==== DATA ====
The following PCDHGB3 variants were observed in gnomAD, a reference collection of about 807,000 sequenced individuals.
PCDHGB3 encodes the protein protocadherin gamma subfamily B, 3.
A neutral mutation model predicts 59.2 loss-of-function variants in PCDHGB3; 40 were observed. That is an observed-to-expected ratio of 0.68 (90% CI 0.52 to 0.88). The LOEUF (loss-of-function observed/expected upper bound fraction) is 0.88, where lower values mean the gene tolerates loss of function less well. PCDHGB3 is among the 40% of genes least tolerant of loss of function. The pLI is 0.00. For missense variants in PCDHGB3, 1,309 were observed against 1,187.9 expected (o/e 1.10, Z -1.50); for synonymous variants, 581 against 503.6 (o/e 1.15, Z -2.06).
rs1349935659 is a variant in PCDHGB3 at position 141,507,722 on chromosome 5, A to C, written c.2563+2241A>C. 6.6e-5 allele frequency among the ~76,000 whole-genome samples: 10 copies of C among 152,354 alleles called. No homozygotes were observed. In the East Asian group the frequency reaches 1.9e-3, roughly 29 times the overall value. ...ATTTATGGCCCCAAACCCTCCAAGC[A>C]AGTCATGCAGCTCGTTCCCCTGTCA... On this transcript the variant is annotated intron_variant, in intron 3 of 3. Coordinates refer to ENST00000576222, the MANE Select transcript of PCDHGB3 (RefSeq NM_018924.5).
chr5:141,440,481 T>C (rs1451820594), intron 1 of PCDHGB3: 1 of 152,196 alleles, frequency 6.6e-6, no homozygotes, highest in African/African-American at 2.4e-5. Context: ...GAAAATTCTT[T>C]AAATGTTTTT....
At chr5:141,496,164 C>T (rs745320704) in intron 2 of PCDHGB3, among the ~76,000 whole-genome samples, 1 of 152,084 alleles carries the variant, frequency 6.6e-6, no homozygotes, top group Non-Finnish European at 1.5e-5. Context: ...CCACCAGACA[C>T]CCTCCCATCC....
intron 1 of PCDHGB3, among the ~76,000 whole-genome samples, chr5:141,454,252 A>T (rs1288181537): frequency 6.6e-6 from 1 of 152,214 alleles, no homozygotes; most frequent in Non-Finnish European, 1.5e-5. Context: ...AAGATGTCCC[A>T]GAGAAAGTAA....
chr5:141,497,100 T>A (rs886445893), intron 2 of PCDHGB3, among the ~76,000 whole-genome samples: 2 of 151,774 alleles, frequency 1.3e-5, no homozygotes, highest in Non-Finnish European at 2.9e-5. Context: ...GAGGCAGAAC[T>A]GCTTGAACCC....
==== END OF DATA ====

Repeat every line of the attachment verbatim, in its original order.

The following PCDHGB3 variants were observed in gnomAD, a reference collection of about 807,000 sequenced individuals.
PCDHGB3 encodes the protein protocadherin gamma subfamily B, 3.
A neutral mutation model predicts 59.2 loss-of-function variants in PCDHGB3; 40 were observed. That is an observed-to-expected ratio of 0.68 (90% CI 0.52 to 0.88). The LOEUF (loss-of-function observed/expected upper bound fraction) is 0.88, where lower values mean the gene tolerates loss of function less well. PCDHGB3 is among the 40% of genes least tolerant of loss of function. The pLI is 0.00. For missense variants in PCDHGB3, 1,309 were observed against 1,187.9 expected (o/e 1.10, Z -1.50); for synonymous variants, 581 against 503.6 (o/e 1.15, Z -2.06).
rs1349935659 is a variant in PCDHGB3 at position 141,507,722 on chromosome 5, A to C, written c.2563+2241A>C. 6.6e-5 allele frequency among the ~76,000 whole-genome samples: 10 copies of C among 152,354 alleles called. No homozygotes were observed. In the East Asian group the frequency reaches 1.9e-3, roughly 29 times the overall value. ...ATTTATGGCCCCAAACCCTCCAAGC[A>C]AGTCATGCAGCTCGTTCCCCTGTCA... On this transcript the variant is annotated intron_variant, in intron 3 of 3. Coordinates refer to ENST00000576222, the MANE Select transcript of PCDHGB3 (RefSeq NM_018924.5).
chr5:141,440,481 T>C (rs1451820594), intron 1 of PCDHGB3: 1 of 152,196 alleles, frequency 6.6e-6, no homozygotes, highest in African/African-American at 2.4e-5. Context: ...GAAAATTCTT[T>C]AAATGTTTTT....
At chr5:141,496,164 C>T (rs745320704) in intron 2 of PCDHGB3, among the ~76,000 whole-genome samples, 1 of 152,084 alleles carries the variant, frequency 6.6e-6, no homozygotes, top group Non-Finnish European at 1.5e-5. Context: ...CCACCAGACA[C>T]CCTCCCATCC....
intron 1 of PCDHGB3, among the ~76,000 whole-genome samples, chr5:141,454,252 A>T (rs1288181537): frequency 6.6e-6 from 1 of 152,214 alleles, no homozygotes; most frequent in Non-Finnish European, 1.5e-5. Context: ...AAGATGTCCC[A>T]GAGAAAGTAA....
chr5:141,497,100 T>A (rs886445893), intron 2 of PCDHGB3, among the ~76,000 whole-genome samples: 2 of 151,774 alleles, frequency 1.3e-5, no homozygotes, highest in Non-Finnish European at 2.9e-5. Context: ...GAGGCAGAAC[T>A]GCTTGAACCC....